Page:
Obama in the Closet
Why won’t the president admit that he supports gay marriage?


Rich Lowry

Pres. Barack Obama wants us to believe he’s the most ineffectual opponent of gay marriage imaginable.

If we take him at his word, he’s a supporter of the traditional definition of marriage who just happens to undermine his own position at every turn. If only this were the way he went about advancing the rest of his agenda. What makes his opposition to gay marriage different, of course, is that he doesn’t believe it.

Obama is a closeted supporter of gay marriage who’s too cowardly and cynical to be open about it. This should be a grave insult to everyone — to the gay-rights lobby, whose dearest cause he won’t frankly embrace, and to the broader public, whom he apparently deems unworthy of hearing his true views.

In a classic case of political passive-aggression, Obama is creating the greatest possible latitude for the courts to impose gay marriage by fiat, culminating perhaps in a Supreme Court decision that would be the gay-marriage version of Roe v. Wade.

His Department of Justice just announced it will no longer defend the constitutionality of the Defense of Marriage Act (DOMA), passed by Congress and signed by Pres. Bill Clinton in 1996. Obama opposes DOMA and so do top Justice Department officials. Yet they all had been making at least a show of acting consistently with the longstanding practice of defending from constitutional challenge all laws that can reasonably be defended — until now.

DOMA defines marriage as a union between a man and a woman for the purposes of federal law, and says that states don’t have to recognize gay couples married in other states. The act is intended as a bulwark against leveraging gay marriage in one state to spread it to all other states. Destroying this obstacle has always been a key objective of advocates of gay marriage.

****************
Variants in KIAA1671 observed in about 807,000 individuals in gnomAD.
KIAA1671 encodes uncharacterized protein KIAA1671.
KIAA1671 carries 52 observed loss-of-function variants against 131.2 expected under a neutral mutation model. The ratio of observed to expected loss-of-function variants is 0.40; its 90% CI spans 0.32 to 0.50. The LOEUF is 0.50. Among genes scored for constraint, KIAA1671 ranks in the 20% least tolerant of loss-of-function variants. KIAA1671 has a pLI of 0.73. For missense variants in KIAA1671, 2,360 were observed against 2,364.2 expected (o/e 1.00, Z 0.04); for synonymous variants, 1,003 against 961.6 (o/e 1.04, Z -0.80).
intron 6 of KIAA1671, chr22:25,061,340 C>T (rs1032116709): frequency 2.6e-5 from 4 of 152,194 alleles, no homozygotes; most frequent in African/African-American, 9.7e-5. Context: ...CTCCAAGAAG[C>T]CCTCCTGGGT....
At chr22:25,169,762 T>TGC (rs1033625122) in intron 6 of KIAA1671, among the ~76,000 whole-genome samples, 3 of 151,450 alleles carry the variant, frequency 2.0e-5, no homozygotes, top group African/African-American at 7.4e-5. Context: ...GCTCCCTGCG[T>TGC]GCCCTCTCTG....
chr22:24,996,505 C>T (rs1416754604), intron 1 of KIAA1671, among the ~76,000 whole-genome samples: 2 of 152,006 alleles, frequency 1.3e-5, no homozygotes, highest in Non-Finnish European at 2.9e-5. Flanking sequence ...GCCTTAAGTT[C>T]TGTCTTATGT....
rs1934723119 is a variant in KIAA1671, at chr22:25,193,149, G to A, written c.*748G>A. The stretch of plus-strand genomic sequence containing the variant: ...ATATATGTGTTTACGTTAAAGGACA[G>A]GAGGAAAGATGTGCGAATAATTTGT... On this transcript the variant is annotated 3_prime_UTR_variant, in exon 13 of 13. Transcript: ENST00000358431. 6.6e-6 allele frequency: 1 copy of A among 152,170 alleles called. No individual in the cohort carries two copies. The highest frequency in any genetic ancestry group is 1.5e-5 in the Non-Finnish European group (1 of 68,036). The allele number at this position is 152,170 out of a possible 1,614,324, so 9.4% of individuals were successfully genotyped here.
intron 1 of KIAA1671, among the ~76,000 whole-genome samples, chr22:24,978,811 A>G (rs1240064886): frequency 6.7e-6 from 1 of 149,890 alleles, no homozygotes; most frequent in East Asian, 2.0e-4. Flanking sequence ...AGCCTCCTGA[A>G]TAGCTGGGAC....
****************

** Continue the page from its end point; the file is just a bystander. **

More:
Perhaps the department should get points for a new forthrightness. Its defense of DOMA has, shall we say, lacked vigor. In a California case, it went out of its way to say it “does not believe that DOMA is rationally related to any legitimate government interests in procreation and child-rearing.” One pro-gay-marriage legal observer called this concession “a gift to the gay-marriage movement, since it was not necessary to support the government’s position.”

Can you imagine the administration undermining its brief for, say, the individual mandate like this? An Obama Justice Department official explained the marriage strategy thus: “We have not only discharged our responsibility to defend the constitutionality of a congressional statute, but we’ve done so in a way which reflects the policy values of this administration.” In other words, they mounted a deliberately backhanded defense. 

Now the administration purports to have discovered that there’s no reasonable defense of DOMA whatsoever. How can this be so? Marriage has been defined as a union between a man and a woman since before the country’s founding and before the adoption of the Fifth Amendment of the Constitution, which DOMA allegedly violates. 

The logic of the department’s latest position is that all laws defending traditional marriage are unreasonable and unconstitutional. This makes Obama’s own position condemnable under the reasoning of his own Justice Department, blessed by none other than himself. He stands exposed as the moral equivalent of a racist — by himself.

No matter. He’ll continue to duck and cover under the dodge that his position is “evolving,” as he put it at a year-end press conference, while liberal judges work their will. When the judges finally manage to decide the issue for the nation, or after his reelection in 2012, whichever comes first (if either happens at all), he can reveal his full “evolution.”

Such brazen evasion is an offense against basic democratic hygiene. President Obama should take his case to the voters, and persuade them to adopt gay marriage through tried-and-true democratic means. He might as well be honest: He’s a supporter of gay marriage. What’s he ashamed of?

— Rich Lowry is editor of National Review. He can be reached via e-mail, [email protected] © 2011 by King Features Syndicate.


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